- Name also: Large Campanula, Wide-leaved Bellflower
- Family: Bellflower Family – Campanulaceae
- Growing form: Perennial herb. Rootstock short.
- Height: 60–120 cm (25–50 in.). Stem unbranched, blunt-edged–almost round, almost glabrous, at least with no rigid hairs.
- Flower: Corolla campanulate (bell-shaped), 5-lobed, initially erect, eventually slightly nodding, 35–60 mm (1.4–2.4 in.) long, fused, pale purple or white. Calyx fused, 5-lobed, lobes narrowly ovate, eventually spreading, glabrous. Stamens 5. Pistil of 3 fused carpels. Inflorescence an abundantly flowered raceme, flowers solitary, axillary in subtending bracts, sometimes branching from lower subtending bracts on groups of 2–3.
- Leaves: Alternate. Lowest leaves long-stalked, cordate–broadly ovate. Stalk usually widely winged. Upper leaves almost stalkless, ovate–lanceolate. Blade soft-haired, shallowly double-toothed.
- Fruit: Round, strongly veined, glabrous, nodding capsule.
- Habitat: Yards, parks, forest margins, broad-leaved forests, coppices. An ornamental.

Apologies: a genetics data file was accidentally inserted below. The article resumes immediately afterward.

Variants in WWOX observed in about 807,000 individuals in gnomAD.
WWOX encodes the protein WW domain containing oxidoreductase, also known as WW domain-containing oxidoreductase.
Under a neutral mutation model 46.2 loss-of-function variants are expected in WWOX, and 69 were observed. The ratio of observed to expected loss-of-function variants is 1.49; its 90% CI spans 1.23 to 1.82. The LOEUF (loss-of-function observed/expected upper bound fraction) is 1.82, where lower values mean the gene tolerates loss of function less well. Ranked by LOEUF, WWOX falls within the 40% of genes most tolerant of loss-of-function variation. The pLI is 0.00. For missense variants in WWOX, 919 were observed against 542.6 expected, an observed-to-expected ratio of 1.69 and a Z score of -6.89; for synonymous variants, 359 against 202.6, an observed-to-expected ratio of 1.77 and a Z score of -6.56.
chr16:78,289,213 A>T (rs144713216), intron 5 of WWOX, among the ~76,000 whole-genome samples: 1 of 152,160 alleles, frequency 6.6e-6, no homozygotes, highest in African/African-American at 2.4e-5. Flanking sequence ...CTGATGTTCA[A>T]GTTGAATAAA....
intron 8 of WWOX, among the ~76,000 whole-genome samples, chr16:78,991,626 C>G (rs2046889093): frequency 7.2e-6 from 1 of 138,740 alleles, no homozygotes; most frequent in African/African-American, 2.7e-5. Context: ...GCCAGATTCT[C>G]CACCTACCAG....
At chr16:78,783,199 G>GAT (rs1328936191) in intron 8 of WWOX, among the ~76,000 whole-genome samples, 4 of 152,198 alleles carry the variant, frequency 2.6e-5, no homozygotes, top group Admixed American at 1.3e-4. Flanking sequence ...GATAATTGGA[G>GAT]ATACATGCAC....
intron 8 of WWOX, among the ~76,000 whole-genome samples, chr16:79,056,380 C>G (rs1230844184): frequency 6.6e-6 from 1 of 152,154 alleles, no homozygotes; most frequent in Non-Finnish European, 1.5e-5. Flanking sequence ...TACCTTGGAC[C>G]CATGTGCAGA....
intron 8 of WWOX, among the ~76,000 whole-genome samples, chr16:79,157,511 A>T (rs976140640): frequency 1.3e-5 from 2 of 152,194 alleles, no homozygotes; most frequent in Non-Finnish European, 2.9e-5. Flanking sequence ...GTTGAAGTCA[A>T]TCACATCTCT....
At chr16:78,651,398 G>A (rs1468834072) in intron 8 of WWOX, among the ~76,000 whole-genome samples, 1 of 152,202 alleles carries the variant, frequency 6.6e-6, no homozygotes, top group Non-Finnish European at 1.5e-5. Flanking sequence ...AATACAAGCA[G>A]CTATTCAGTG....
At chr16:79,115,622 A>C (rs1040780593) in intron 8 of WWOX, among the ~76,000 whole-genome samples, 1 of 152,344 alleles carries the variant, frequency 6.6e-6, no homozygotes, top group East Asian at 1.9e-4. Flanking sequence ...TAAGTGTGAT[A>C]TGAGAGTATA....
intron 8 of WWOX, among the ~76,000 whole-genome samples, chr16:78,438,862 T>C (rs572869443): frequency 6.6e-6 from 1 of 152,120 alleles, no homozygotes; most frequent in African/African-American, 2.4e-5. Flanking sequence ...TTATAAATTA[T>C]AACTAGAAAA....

- Flowering time: July–August.
Large and handsome giant bellflower does not grow wild in Finland, although it grows in the southern half of the country as a leftover from cultivation or an escape around inhabited areas. It can survive a long time untended in nearby forest and eventually seem like a wild plant. Creeping bellflower (C. rapunculoides) also behaves in the same way. Giant bellflower is most likely to be mixed up with the native species nettle-leaved bellflower (C. trachelium), although its stem is sharp-edged and rough-haired.
Giant bellflower is already particularly common in southern Sweden up until the south-western coast of the Gulf of Bothnia. The island of Nåtö in the south-eastern corner of the Åland Islands was thought to be the northernmost limit of the species’ habitat, but the stands were later discovered to have been planted there by people. As all the giant bellflowers that grow in Finland are apparently aliens, it has been removed from the list of endangered species. Apart from being an attractive plant to look at, giant bellflower has also been cultivated for food: its rosette leaves have been used at the beginning of summer like spinach or leaf vegetables, and the swollen rootstock has been used like asparagus or Jerusalem artichokes.
Milky Bellflower & Canterbury Bells
Campanula lactiflora & Campanula medium
Apart from giant bellflower, many other bellflower plants are cultivated as ornamentals. Milky bellflower probably got its name from its opaque blue, almost white flowers or the white latex it contains. Canterbury bells on the other hand are easy to recognise by their urceolate (pitcher-shaped) flowers. Both species are very old perennials which are nowadays only rarely found in gardens and as leftovers from cultivation.